Are your servers getting SLAAC addresses in addition to the addresses you are manually configuring? If so, read on…
You need to find and turn off the “A” bit in the Prefix Length option of your Router Advertisement packets. The “A” bit is on by default on most network routers, and the documentation that describes the interactions between the “M”, “O” and “A” bits is scattered across at least a half dozen RFCs.
When we first set up our IPv6 lab, we went through several phases. Initially we just did client subnets and hosts and let all the stations auto-configure (SLAAC). This all happened “magically” with the default behavior of all the operating systems and network gear we tested.
Then we split the clients and servers onto separate subnets. When we did the split we added a DHCPv6 server and turned ON the M and O bits for the client subnets. For the server subnets, we turned OFF the M and O bits and statically configured the IPv6 (and IPv4) addresses.
The client hosts did everything exactly as expected, gathering IPv6 addresses and other options, exactly as they would have using DHCP and IPv4.
But, we never could quite get the servers to stop creating and configuring SLACC addresses, even with M & O bits turned ON or OFF on their subnets. Making sure that we did NOT have DHCPv6 clients configured on these servers, we tested all four states with nearly identical results.
In other words, each server would always end up with three IPv6 addresses:
- a globally unique (global scoped) static assigned address, the one we configured at boot time
- a globally unique (global scoped) SLAAC address, usually based on its MAC address
- the usual and expected link-local address (fe80::)
So, what else was going on? Most of the documentation we found (especially RFCs) described these two bits in excruciating and often contradictory fashion! Take a look at RFC 4861 for the format of the Router Advertisements, and you’ll see the M and O bits right there in section 4.2). If there are other option bits that might control this, shouldn’t they be shown here?
By the way, the M and O bits are always OFF by default on all the networking gear we’ve seen so far (Cisco, Juniper and HP).
4.2. Router Advertisement Message Format
Routers send out Router Advertisement messages periodically, or in response to Router Solicitations. 0 1 2 3 0 1 2 3 4 5 6 7 8 9 0 1 2 3 4 5 6 7 8 9 0 1 2 3 4 5 6 7 8 9 0 1 +-+-+-+-+-+-+-+-+-+-+-+-+-+-+-+-+-+-+-+-+-+-+-+-+-+-+-+-+-+-+-+-+ | Type | Code | Checksum | +-+-+-+-+-+-+-+-+-+-+-+-+-+-+-+-+-+-+-+-+-+-+-+-+-+-+-+-+-+-+-+-+ | Cur Hop Limit |M|O| Reserved | Router Lifetime | +-+-+-+-+-+-+-+-+-+-+-+-+-+-+-+-+-+-+-+-+-+-+-+-+-+-+-+-+-+-+-+-+ | Reachable Time | +-+-+-+-+-+-+-+-+-+-+-+-+-+-+-+-+-+-+-+-+-+-+-+-+-+-+-+-+-+-+-+-+ | Retrans Timer | +-+-+-+-+-+-+-+-+-+-+-+-+-+-+-+-+-+-+-+-+-+-+-+-+-+-+-+-+-+-+-+-+ | Options ... +-+-+-+-+-+-+-+-+-+-+-+-
But in all four combinations of the M and O bits, and IF you aren’t running a DHCPv6 client, you get a SLAAC address in addition to the address you statically (manually) configure. How do you turn off “auto conf” if it isn’t controlled by flags in the Router Advertisement???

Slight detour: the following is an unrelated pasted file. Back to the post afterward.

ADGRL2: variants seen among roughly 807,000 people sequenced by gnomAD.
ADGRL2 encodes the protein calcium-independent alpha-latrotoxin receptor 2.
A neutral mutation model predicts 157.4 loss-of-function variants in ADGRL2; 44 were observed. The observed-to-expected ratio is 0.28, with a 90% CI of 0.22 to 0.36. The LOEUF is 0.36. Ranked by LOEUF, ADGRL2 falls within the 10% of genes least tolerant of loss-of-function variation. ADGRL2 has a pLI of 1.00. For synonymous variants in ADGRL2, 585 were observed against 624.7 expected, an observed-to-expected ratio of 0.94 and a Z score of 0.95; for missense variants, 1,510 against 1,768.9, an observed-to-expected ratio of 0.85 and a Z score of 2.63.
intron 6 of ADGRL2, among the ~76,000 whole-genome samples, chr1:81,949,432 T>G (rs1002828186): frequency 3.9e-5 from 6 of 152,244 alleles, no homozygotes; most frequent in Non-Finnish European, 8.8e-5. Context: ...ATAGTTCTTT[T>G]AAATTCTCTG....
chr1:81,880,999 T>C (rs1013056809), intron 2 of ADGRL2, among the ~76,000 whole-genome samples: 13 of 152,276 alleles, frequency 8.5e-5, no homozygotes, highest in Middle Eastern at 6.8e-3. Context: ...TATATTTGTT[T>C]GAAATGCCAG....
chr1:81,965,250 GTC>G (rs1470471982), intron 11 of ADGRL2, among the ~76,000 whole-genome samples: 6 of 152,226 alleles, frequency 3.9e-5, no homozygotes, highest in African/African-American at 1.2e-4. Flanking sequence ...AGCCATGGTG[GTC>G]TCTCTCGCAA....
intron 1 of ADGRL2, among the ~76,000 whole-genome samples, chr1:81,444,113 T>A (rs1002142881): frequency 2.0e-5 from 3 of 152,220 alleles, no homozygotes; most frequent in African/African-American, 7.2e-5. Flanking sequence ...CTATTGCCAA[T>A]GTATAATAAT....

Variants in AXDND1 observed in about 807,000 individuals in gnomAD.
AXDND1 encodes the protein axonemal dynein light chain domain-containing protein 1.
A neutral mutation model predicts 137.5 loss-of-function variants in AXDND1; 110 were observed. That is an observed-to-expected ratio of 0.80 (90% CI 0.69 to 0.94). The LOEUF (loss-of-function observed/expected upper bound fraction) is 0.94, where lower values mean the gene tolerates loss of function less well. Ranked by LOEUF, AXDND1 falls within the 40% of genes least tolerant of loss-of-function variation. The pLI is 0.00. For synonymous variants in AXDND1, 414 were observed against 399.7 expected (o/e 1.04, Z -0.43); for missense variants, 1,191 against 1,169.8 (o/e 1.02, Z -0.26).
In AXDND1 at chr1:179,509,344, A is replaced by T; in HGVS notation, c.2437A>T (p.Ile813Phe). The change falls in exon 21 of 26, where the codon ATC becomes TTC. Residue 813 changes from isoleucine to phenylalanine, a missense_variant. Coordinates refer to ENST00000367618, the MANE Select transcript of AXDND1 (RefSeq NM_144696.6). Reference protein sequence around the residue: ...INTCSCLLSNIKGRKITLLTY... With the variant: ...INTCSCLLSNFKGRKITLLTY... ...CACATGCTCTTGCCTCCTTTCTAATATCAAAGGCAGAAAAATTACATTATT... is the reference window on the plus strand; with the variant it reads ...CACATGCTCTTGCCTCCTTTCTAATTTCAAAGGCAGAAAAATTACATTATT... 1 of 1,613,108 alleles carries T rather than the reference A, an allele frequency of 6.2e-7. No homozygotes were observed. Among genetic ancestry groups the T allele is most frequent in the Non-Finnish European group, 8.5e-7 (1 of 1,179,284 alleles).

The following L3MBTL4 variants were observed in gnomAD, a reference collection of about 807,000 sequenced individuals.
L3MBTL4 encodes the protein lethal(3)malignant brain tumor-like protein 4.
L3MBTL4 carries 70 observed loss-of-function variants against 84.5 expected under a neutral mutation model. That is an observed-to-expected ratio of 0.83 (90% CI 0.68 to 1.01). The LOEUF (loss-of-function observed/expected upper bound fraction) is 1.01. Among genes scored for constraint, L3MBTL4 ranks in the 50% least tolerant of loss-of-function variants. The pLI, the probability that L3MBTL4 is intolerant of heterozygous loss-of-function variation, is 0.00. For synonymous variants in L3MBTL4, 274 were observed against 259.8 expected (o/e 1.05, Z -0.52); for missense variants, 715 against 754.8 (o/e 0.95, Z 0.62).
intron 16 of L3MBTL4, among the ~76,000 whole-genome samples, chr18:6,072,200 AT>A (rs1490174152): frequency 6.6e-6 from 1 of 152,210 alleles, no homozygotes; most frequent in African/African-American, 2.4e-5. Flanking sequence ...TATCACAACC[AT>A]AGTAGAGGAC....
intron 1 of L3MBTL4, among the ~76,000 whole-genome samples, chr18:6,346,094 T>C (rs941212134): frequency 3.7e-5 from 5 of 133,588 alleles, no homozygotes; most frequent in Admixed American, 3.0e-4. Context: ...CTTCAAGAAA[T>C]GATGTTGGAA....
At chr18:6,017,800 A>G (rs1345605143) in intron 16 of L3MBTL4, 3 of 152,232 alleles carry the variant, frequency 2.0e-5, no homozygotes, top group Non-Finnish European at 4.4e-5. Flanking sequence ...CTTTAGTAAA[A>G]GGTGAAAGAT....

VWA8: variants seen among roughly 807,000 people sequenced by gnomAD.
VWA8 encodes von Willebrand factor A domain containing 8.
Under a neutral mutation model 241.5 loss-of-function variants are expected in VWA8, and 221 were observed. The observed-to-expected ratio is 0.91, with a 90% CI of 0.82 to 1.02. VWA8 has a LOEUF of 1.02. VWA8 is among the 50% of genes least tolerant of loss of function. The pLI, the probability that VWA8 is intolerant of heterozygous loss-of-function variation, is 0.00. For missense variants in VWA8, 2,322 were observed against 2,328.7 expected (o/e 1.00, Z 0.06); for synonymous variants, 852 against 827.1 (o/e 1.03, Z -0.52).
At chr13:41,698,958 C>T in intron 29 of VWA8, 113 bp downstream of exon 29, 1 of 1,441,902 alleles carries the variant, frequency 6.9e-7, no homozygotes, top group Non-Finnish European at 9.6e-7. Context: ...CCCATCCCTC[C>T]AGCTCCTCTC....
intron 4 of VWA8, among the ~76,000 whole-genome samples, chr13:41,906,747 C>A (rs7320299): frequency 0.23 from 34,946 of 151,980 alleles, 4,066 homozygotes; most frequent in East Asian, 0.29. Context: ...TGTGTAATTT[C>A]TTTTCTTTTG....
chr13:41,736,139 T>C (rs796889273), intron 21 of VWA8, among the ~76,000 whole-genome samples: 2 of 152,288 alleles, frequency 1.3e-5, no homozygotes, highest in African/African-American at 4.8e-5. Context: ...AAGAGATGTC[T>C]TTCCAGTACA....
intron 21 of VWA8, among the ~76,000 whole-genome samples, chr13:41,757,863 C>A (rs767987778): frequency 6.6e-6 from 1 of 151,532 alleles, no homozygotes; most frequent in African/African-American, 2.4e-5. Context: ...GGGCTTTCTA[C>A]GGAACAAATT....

It turns out that there are actually three bits in the RA that control host configuration, not two, and so there are 8 possible cases of M, O and “A”, not four. So where is this mysterious “A” bit hiding?
The “A” bit is “hidden” in a Router Advertisement option (“Prefix Information”), which is described in section 4.6.2, about 10 pages farther along in the RFC. This option’s purpose is to tell you about the length of the valid address prefix that’s available on the current subnet, but it also has “A” that controls whether or not a station on that subnet should do SLAAC. And unlike M and O, A seems to always be set ON by default.
4.6.2. Prefix Information
0 1 2 3 0 1 2 3 4 5 6 7 8 9 0 1 2 3 4 5 6 7 8 9 0 1 2 3 4 5 6 7 8 9 0 1 +-+-+-+-+-+-+-+-+-+-+-+-+-+-+-+-+-+-+-+-+-+-+-+-+-+-+-+-+-+-+-+-+ | Type | Length | Prefix Length |L|A| Reserved1 | +-+-+-+-+-+-+-+-+-+-+-+-+-+-+-+-+-+-+-+-+-+-+-+-+-+-+-+-+-+-+-+-+ | Valid Lifetime | +-+-+-+-+-+-+-+-+-+-+-+-+-+-+-+-+-+-+-+-+-+-+-+-+-+-+-+-+-+-+-+-+ | Preferred Lifetime | +-+-+-+-+-+-+-+-+-+-+-+-+-+-+-+-+-+-+-+-+-+-+-+-+-+-+-+-+-+-+-+-+ | Reserved2 | +-+-+-+-+-+-+-+-+-+-+-+-+-+-+-+-+-+-+-+-+-+-+-+-+-+-+-+-+-+-+-+-+ | | + + | | + Prefix + | | + + | | +-+-+-+-+-+-+-+-+-+-+-+-+-+-+-+-+-+-+-+-+-+-+-+-+-+-+-+-+-+-+-+-+ Fields: Type 3 Length 4 Prefix Length 8-bit unsigned integer. The number of leading bits in the Prefix that are valid. The value ranges from 0 to 128. The prefix length field provides necessary information for on-link determination (when combined with the L flag in the prefix information option). It also assists with address autoconfiguration as specified in [ADDRCONF], for which there may be more restrictions on the prefix length. L 1-bit on-link flag. When set, indicates that this prefix can be used for on-link determination. When not set the advertisement makes no statement about on-link or off-link properties of the prefix. In other words, if the L flag is not set a host MUST NOT conclude that an address derived from the prefix is off-link. That is, it MUST NOT update a previous indication that the address is on-link. A 1-bit autonomous address-configuration flag. When set indicates that this prefix can be used for stateless address configuration as specified in [ADDRCONF].
So, that’s where the mysterious server SLAAC addresses come from. They are caused by the default-on “A” bit that is in the Prefix Information option to the Router Advertisement. Clear this A bit on your server subnets, and you’ll get only the IPv6 addresses that you configure, and no more SLAAC addresses as an extra bonus.
After I figured out what was going on, I also found these web pages which each shed some light on the situation: